The company took the offsets off a webpage dedicated to its portfolio of carbon credits offered to external clients, with a spokesperson saying this was “pending Verra’s review”.
Nearly a year later, the results of the review have still not been published and the projects remain on hold. But Shell retired 1.23 million carbon credits issued by those projects, offsetting emissions equivalent to three gas-fired power plants running for a year.
A Shell spokesperson said the company had “recently retired a number of carbon credits as part of our net carbon intensity target”.
Finding a way out
Shell’s involvement in these projects is not just as a buyer. The schemes were originally set up by a Chinese firm but four years later Shell signed a series of agreements to become its exclusive agent.
The role granted Shell the right to either claim the credits against its emissions or sell them to other companies, potentially profiting from their sale.
Before Verra suspended the projects, only a quarter of the credits issued by the projects had been used, primarily by Chinese state-owned oil company PetroChina.
Shell retired the vast majority of the remaining credits on January 9. Carbon Market Watch’s Crook says it would appear Shell “had sunk money into the projects and had these credits sitting on their books”.
“Perhaps they have not been able to find any buyers since the projects were put on hold”, he added. “Or perhaps they are doubting that the review will be positive and it will be difficult to sell or trade any of these credits in the future. So they went ahead and used them themselves”.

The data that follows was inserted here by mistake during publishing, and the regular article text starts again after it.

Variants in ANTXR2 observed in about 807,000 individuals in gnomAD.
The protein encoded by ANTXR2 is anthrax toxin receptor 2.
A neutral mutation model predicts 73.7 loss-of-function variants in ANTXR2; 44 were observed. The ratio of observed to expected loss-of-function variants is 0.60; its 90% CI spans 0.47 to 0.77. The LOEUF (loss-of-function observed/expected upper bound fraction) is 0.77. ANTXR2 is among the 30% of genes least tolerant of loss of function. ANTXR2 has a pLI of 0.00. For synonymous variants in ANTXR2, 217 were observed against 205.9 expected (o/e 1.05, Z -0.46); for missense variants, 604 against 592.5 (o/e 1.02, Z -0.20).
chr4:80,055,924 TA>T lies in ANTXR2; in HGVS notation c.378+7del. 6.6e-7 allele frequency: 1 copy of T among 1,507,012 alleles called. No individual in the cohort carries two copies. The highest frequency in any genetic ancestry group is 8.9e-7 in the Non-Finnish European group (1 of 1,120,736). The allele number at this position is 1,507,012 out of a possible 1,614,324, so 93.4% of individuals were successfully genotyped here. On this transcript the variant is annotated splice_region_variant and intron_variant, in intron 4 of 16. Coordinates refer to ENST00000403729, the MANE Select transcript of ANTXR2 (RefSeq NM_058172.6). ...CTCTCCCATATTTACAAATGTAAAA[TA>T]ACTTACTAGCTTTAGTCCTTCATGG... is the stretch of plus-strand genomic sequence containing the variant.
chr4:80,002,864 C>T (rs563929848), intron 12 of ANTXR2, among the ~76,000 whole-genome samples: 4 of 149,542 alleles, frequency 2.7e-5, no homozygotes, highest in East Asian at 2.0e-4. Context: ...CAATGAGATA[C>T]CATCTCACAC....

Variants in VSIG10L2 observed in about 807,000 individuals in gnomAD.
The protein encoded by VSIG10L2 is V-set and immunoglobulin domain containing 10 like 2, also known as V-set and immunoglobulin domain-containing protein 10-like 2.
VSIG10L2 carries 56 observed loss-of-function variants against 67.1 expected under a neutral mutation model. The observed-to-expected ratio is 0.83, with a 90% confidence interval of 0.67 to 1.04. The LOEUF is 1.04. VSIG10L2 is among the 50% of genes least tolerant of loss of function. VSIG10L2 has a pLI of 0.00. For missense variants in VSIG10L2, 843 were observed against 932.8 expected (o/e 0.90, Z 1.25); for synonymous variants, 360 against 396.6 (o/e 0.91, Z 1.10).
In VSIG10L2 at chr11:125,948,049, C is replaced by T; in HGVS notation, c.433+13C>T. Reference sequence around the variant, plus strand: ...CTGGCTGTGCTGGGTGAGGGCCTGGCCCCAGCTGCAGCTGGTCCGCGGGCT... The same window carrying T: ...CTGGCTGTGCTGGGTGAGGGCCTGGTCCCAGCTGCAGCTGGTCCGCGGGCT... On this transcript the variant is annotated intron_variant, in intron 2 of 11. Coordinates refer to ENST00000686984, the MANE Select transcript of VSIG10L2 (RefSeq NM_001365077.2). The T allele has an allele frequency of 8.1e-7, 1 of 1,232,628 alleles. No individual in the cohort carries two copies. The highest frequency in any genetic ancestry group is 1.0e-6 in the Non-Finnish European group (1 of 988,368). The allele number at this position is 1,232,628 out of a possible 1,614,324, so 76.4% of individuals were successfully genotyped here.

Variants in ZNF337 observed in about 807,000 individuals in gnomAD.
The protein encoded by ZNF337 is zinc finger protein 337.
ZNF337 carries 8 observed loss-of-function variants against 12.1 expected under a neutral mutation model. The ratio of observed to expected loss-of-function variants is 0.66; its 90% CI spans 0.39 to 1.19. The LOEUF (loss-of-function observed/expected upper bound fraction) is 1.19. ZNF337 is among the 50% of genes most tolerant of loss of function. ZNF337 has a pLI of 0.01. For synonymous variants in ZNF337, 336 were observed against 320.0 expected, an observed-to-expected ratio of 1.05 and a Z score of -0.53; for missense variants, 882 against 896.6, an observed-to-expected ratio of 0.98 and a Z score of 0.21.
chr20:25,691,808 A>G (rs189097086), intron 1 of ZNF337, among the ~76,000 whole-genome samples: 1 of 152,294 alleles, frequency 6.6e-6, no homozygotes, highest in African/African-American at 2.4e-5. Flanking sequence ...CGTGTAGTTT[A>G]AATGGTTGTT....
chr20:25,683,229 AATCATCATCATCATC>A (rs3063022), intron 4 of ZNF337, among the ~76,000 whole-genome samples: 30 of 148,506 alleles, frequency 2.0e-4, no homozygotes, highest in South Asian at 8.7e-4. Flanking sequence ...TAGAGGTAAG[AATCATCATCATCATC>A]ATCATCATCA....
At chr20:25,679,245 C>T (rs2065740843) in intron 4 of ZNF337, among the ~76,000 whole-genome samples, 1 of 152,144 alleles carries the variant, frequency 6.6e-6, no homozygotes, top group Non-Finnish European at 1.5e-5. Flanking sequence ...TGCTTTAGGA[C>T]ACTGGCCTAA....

Shell involved in rule-making
While Verra probes the credits, it has taken the rare step of banning any further use of the rice farming methodology under which the projects were developed.
The register is now working on a new rulebook for future rice farming offsets. It says it will allow project developers “to credibly achieve emission reductions and generate high-quality credits”.
To advise them on this, Verra has appointed an Indian company which is part of Shell, raising concerns about conflict of interests.
Crook described this as a “recurring issue” in the carbon credit world. He said: “You have actors who wear all these different hats. They can sometimes develop methodologies, transact carbon credits and/or use them towards their own targets, potentially based on rules they helped develop. It raises real questions around conflicts of interest and integrity.”
A Verra spokesperson told Climate Home it “takes potential and actual conflicts of interest very seriously” and that methodologies “undergo an extensive review process before they are finalised” and at each stage “all stakeholders, including the public, have an opportunity to evaluate and comment”.
They said: “This process is designed to promptly identify any issues with the methodology, including the opportunity to identify any perceived conflicts of interest”.
The spokesperson said Verra does not comment on specific projects under review to avoid influencing the outcome of the investigation.
“The steps in a review, as well as the timeline for completing the review, depend on the underlying facts and circumstances, the complexity of the issues, the cooperation of third parties and other factors”, they said.
“A review may take several weeks or months to complete,” they added, “while every review is different, Verra aims to conduct an appropriately scoped review as expeditiously as possible.”
A spokesperson for Shell said: “We retire credits to compensate emissions, including those associated with the energy our customers use in transport, homes, producing goods and providing services. This approach complements our activities to avoid and reduce emissions from our own operations”.